The IMF just released its latest attempt to forecast the health of the global economy, which it thinks will expand by 3.6% this year. The forecast also comes with a warning about what will happen if things go wrong, with growth instead falling to 2.4%, just above the 2% cut-off point that the IMF considers a global recession:
The good news is that the IMF thinks the risk of a global recession is the lowest it has been for years—a mere 0.1% chance in 2014, down from 6% only six months ago. But it is still reckons Europe and Japan have a 20% chance of suffering economic shrinkage. The biggest fear in IMF’s downside scenario is that emerging markets will enter a protracted slowdown, as the foreign capital on which these countries rely drains away in fear of structural challenges or geopolitical tensions.
If the world economy goes wrong, who are the biggest losers? Venezuela’s recession could become even deeper; Nigeria, now Africa’s largest economy, could miss its forecast growth by more than a percentage point of GDP; Egypt could also lose nearly a percentage point of growth thanks to political strife; and Russian growth could fall below one percent. Major emerging markets like China, Indonesia, and Brazil would not falter by as much, but even modest dips in growth could stoke social upheaval and generate further skepticism from foreign investors in these countries.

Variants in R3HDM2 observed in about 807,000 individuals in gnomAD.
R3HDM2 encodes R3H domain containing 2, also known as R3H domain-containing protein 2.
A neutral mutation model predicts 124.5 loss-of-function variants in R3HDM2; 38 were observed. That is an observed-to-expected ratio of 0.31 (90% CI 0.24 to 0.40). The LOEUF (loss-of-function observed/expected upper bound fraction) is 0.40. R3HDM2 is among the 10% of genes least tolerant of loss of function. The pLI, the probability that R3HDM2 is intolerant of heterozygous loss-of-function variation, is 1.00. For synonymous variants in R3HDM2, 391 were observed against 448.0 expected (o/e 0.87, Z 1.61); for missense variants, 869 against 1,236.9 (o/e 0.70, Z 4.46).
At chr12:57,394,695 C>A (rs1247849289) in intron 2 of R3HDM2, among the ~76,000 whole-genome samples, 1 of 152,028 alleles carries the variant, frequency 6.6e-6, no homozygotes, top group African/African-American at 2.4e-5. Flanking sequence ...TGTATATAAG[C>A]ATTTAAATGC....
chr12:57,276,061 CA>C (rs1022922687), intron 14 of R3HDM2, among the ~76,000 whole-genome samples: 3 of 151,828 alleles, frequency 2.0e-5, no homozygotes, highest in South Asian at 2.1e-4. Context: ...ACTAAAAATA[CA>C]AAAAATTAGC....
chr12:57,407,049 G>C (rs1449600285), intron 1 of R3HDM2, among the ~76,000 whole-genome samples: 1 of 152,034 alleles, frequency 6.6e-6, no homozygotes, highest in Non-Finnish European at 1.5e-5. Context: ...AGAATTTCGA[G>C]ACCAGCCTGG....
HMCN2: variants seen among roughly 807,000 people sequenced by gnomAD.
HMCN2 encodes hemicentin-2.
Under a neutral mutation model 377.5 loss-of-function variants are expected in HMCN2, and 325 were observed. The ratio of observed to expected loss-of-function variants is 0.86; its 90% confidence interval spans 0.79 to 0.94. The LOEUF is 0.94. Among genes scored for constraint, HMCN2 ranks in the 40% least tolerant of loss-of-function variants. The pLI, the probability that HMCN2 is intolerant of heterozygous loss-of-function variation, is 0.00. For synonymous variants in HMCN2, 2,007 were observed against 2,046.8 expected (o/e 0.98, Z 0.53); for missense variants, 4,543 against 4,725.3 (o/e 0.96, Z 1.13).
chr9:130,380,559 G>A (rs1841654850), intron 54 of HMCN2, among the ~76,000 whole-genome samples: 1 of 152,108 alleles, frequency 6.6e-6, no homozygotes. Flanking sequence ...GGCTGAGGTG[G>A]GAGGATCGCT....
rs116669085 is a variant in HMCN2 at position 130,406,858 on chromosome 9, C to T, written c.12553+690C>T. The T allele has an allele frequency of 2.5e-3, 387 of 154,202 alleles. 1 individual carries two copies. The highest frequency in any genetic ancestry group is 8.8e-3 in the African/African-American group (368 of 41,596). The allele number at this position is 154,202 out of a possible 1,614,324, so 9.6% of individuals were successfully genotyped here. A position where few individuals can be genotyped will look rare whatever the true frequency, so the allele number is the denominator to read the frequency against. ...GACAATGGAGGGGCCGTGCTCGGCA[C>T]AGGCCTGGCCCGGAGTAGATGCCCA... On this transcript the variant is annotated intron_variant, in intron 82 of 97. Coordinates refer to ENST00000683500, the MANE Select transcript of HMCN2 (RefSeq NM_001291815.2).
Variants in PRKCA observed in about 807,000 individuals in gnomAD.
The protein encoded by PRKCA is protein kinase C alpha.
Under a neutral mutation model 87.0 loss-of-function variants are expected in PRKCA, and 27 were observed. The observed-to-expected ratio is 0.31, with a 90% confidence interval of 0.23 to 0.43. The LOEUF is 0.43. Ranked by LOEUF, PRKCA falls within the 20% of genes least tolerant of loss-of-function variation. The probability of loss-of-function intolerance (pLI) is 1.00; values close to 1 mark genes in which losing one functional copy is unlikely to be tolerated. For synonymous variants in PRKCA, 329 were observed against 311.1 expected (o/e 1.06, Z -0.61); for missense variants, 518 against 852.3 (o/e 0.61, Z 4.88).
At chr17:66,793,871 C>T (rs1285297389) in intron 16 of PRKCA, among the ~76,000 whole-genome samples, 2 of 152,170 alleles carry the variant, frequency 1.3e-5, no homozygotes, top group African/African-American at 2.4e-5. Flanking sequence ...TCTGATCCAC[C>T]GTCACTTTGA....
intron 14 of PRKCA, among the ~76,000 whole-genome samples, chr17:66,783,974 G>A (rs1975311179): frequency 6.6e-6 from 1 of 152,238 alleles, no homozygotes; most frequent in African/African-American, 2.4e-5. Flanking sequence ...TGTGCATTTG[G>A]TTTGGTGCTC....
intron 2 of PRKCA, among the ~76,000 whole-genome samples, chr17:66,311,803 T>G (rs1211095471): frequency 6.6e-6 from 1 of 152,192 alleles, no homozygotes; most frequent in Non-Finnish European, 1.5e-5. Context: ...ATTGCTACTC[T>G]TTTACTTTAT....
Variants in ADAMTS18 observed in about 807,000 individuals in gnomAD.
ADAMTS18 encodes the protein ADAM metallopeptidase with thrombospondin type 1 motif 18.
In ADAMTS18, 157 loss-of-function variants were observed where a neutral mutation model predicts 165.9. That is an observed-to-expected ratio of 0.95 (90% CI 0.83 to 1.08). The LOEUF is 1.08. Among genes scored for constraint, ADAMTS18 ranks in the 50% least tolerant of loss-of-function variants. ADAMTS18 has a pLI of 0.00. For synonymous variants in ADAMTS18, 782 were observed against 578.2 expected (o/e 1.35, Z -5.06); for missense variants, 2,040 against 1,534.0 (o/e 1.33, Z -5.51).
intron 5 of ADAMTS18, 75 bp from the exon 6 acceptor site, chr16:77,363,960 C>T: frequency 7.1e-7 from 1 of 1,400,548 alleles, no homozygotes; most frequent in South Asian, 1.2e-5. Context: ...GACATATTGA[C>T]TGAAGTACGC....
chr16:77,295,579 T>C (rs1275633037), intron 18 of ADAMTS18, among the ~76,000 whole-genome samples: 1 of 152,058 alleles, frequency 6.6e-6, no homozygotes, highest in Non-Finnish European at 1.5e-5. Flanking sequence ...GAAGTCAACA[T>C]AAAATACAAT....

But hey, wherever there’s a potential downside, there’s a potential upside, too. While we don’t have data broken out by country for this case, the IMF thinks that there’s an equal chance of an upside scenario in which the global economy grows 5% in 2014. Cross your fingers!